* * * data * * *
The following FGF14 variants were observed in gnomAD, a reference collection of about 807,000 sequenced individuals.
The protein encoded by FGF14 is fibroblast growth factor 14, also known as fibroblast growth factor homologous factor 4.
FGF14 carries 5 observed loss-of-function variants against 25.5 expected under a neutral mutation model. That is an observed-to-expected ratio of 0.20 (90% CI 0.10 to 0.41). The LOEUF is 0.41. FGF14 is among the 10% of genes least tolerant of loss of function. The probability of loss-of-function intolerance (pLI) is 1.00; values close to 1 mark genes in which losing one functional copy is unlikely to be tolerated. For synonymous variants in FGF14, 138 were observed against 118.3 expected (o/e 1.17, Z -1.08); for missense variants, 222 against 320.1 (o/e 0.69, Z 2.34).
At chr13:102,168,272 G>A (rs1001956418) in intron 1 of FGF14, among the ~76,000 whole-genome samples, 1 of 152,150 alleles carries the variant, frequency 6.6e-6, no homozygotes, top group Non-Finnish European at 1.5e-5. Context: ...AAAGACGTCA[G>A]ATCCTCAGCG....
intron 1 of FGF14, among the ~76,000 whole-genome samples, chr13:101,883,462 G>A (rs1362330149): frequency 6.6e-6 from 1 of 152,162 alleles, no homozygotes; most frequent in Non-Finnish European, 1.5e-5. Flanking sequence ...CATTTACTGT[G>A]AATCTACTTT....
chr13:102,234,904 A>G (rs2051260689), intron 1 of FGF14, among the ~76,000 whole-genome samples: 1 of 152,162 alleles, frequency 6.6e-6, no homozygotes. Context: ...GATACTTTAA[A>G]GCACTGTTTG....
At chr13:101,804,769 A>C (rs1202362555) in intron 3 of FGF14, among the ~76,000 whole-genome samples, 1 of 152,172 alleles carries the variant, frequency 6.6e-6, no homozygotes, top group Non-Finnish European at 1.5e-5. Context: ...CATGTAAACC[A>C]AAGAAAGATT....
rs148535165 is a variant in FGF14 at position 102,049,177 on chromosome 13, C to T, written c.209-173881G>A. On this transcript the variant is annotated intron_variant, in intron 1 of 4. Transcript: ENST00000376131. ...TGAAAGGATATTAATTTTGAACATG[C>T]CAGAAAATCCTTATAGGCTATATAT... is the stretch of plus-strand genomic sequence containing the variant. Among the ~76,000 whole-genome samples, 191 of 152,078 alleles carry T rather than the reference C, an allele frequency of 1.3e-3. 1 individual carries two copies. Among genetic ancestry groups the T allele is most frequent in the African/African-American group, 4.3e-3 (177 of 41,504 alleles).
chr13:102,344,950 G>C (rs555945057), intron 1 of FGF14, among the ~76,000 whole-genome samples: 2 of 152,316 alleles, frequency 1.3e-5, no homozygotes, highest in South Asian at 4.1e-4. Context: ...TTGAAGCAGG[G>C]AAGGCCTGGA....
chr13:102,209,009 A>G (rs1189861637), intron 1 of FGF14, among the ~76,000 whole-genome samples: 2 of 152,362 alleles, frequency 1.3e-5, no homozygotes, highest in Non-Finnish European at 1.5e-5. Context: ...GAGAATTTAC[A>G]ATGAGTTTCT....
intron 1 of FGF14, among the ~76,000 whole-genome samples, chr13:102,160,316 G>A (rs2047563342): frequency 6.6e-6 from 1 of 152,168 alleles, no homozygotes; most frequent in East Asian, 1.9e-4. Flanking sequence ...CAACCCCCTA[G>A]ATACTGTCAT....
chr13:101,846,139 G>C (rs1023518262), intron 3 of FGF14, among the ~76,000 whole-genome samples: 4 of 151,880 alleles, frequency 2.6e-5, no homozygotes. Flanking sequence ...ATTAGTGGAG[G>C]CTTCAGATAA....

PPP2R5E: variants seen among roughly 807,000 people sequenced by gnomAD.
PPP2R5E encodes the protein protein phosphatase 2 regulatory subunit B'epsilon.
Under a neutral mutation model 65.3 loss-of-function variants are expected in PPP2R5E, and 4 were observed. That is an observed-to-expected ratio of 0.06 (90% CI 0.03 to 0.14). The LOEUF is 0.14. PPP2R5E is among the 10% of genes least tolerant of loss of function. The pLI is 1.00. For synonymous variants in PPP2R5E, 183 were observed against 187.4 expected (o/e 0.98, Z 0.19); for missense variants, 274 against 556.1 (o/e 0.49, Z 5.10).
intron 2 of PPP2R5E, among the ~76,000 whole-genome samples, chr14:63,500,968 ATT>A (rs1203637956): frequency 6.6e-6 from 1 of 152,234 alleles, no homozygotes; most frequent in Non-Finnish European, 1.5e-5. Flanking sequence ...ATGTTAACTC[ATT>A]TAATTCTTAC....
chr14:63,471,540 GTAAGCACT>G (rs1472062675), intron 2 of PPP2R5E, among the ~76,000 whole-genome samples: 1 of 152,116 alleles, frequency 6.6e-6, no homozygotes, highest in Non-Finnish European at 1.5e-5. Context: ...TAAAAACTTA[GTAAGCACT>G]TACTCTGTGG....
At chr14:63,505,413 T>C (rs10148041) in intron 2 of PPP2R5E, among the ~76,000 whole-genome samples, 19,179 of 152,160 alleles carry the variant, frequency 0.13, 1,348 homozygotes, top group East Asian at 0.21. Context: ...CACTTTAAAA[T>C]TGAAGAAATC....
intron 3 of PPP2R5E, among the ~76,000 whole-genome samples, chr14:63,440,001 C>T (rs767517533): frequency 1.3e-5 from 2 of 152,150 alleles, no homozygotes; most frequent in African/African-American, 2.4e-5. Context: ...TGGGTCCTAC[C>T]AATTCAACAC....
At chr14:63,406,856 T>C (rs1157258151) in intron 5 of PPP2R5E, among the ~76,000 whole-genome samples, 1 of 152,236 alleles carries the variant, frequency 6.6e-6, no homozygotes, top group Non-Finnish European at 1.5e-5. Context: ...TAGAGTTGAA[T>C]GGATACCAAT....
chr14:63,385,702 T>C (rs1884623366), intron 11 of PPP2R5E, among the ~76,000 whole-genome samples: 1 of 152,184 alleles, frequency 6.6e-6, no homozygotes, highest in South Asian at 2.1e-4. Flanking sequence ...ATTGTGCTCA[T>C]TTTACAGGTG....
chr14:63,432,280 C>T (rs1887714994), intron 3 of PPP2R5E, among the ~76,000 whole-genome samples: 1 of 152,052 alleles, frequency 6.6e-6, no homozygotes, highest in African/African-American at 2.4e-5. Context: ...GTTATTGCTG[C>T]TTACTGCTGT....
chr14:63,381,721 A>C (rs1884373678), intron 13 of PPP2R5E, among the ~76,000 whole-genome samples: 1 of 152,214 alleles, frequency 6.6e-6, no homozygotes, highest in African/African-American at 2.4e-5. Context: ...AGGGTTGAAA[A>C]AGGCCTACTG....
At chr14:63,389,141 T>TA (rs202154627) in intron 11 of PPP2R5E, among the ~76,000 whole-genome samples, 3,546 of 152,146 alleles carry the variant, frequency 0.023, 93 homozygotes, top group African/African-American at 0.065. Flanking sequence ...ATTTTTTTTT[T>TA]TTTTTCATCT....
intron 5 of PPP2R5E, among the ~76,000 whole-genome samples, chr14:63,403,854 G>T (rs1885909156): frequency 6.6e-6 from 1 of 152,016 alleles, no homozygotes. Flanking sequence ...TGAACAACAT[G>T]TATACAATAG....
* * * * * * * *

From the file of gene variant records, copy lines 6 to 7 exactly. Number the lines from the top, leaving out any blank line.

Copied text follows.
chr13:102,234,904 A>G (rs2051260689), intron 1 of FGF14, among the ~76,000 whole-genome samples: 1 of 152,162 alleles, frequency 6.6e-6, no homozygotes. Context: ...GATACTTTAA[A>G]GCACTGTTTG....
At chr13:101,804,769 A>C (rs1202362555) in intron 3 of FGF14, among the ~76,000 whole-genome samples, 1 of 152,172 alleles carries the variant, frequency 6.6e-6, no homozygotes, top group Non-Finnish European at 1.5e-5. Context: ...CATGTAAACC[A>C]AAGAAAGATT....